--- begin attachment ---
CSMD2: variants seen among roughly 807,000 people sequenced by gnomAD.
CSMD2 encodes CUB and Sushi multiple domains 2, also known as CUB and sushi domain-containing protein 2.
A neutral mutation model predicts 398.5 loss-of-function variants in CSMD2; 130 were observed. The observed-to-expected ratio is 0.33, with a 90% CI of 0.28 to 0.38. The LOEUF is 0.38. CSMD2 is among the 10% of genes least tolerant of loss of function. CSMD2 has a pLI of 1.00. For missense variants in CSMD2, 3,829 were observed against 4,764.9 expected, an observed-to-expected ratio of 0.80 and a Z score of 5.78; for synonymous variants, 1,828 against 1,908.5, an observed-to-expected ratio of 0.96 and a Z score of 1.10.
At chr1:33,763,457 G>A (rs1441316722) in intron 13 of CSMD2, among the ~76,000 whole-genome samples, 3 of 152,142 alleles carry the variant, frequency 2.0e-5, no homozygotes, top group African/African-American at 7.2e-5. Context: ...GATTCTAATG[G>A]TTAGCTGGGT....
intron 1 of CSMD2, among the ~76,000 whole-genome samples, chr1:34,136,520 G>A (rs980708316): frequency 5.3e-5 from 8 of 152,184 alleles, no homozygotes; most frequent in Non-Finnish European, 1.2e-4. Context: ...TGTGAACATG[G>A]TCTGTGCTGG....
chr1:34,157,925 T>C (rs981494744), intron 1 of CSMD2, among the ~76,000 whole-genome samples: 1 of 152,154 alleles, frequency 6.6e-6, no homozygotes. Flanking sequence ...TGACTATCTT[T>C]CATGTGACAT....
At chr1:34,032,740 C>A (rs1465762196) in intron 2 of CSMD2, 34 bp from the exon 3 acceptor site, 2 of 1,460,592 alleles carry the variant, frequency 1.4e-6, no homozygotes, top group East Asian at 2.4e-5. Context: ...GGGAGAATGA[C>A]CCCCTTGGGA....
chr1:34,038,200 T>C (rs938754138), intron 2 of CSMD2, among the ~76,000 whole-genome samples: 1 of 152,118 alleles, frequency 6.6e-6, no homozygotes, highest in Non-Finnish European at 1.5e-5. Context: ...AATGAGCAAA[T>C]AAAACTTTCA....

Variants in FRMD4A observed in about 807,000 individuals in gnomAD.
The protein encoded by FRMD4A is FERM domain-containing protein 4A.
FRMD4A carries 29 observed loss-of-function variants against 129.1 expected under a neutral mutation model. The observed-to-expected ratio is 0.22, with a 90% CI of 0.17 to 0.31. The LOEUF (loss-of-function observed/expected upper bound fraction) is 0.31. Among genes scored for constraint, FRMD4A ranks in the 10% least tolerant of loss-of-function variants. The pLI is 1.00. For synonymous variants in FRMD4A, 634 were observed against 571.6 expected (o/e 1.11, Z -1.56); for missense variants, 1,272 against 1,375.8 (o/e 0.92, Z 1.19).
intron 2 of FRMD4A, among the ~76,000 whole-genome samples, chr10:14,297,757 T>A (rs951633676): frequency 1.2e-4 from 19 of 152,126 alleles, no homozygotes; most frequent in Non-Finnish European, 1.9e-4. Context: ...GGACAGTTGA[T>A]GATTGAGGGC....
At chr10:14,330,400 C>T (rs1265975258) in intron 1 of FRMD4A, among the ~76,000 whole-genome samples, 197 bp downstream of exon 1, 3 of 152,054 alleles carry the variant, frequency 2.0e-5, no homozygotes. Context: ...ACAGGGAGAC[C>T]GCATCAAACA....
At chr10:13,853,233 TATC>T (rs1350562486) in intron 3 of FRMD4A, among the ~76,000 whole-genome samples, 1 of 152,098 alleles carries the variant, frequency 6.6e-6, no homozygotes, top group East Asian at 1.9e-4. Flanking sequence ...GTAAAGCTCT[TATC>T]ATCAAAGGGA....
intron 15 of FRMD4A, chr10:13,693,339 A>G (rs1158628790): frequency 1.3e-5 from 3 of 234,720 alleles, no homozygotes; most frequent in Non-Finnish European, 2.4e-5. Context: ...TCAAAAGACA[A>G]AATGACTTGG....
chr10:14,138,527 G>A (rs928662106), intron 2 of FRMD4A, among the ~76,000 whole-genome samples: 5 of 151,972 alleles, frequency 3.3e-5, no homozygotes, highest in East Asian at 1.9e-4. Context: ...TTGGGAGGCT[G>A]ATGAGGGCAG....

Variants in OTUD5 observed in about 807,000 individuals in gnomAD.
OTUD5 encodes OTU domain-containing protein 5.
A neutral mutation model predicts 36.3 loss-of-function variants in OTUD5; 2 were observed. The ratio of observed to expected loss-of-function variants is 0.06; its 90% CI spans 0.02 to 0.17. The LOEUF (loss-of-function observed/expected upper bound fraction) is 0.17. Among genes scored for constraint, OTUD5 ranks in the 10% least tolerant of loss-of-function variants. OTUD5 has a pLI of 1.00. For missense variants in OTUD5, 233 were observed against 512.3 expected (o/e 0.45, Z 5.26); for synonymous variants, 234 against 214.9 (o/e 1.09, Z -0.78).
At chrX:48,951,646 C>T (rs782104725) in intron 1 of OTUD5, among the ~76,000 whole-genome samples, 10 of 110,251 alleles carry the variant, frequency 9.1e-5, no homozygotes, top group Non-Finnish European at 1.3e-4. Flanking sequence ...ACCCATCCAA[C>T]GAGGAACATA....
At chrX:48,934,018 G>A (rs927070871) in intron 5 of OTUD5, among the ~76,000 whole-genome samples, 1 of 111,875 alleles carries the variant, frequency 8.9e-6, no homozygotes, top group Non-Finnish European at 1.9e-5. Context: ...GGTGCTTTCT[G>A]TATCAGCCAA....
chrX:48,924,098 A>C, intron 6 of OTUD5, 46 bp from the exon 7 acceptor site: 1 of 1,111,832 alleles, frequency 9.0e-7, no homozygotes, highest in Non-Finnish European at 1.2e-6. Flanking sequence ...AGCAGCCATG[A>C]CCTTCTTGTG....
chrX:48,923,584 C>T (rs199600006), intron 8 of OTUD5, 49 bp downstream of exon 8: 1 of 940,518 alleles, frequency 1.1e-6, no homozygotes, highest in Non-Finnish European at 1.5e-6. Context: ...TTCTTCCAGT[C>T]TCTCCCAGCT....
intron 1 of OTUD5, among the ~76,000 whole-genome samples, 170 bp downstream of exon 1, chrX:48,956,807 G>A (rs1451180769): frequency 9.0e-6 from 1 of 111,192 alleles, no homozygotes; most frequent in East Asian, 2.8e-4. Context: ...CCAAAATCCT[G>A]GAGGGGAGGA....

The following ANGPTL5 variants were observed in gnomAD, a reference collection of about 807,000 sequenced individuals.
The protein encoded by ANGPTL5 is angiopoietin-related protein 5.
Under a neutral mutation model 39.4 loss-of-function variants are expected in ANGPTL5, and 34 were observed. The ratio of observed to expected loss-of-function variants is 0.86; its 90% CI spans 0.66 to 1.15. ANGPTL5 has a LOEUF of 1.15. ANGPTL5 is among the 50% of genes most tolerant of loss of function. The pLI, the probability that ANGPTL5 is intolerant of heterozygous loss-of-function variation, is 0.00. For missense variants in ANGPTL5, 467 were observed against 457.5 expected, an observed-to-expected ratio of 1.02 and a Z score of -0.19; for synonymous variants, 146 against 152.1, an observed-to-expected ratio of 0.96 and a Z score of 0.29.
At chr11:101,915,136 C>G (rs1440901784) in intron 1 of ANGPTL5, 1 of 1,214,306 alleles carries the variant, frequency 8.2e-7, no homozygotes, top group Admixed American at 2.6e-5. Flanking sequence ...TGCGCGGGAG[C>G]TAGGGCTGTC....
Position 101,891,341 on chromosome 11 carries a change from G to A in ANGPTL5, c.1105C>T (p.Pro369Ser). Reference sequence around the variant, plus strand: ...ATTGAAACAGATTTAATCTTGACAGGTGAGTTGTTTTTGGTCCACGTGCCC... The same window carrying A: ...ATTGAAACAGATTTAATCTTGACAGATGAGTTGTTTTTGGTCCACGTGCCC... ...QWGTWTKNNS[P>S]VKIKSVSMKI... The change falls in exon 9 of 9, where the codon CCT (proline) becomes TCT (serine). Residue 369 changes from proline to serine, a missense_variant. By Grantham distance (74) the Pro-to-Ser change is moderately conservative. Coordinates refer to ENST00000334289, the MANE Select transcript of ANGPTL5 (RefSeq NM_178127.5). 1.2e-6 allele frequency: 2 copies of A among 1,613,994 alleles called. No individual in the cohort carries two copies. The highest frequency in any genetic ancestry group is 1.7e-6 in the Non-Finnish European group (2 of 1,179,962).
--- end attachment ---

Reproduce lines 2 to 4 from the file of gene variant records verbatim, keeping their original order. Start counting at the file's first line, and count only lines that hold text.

CSMD2 encodes CUB and Sushi multiple domains 2, also known as CUB and sushi domain-containing protein 2.
A neutral mutation model predicts 398.5 loss-of-function variants in CSMD2; 130 were observed. The observed-to-expected ratio is 0.33, with a 90% CI of 0.28 to 0.38. The LOEUF is 0.38. CSMD2 is among the 10% of genes least tolerant of loss of function. CSMD2 has a pLI of 1.00. For missense variants in CSMD2, 3,829 were observed against 4,764.9 expected, an observed-to-expected ratio of 0.80 and a Z score of 5.78; for synonymous variants, 1,828 against 1,908.5, an observed-to-expected ratio of 0.96 and a Z score of 1.10.
At chr1:33,763,457 G>A (rs1441316722) in intron 13 of CSMD2, among the ~76,000 whole-genome samples, 3 of 152,142 alleles carry the variant, frequency 2.0e-5, no homozygotes, top group African/African-American at 7.2e-5. Context: ...GATTCTAATG[G>A]TTAGCTGGGT....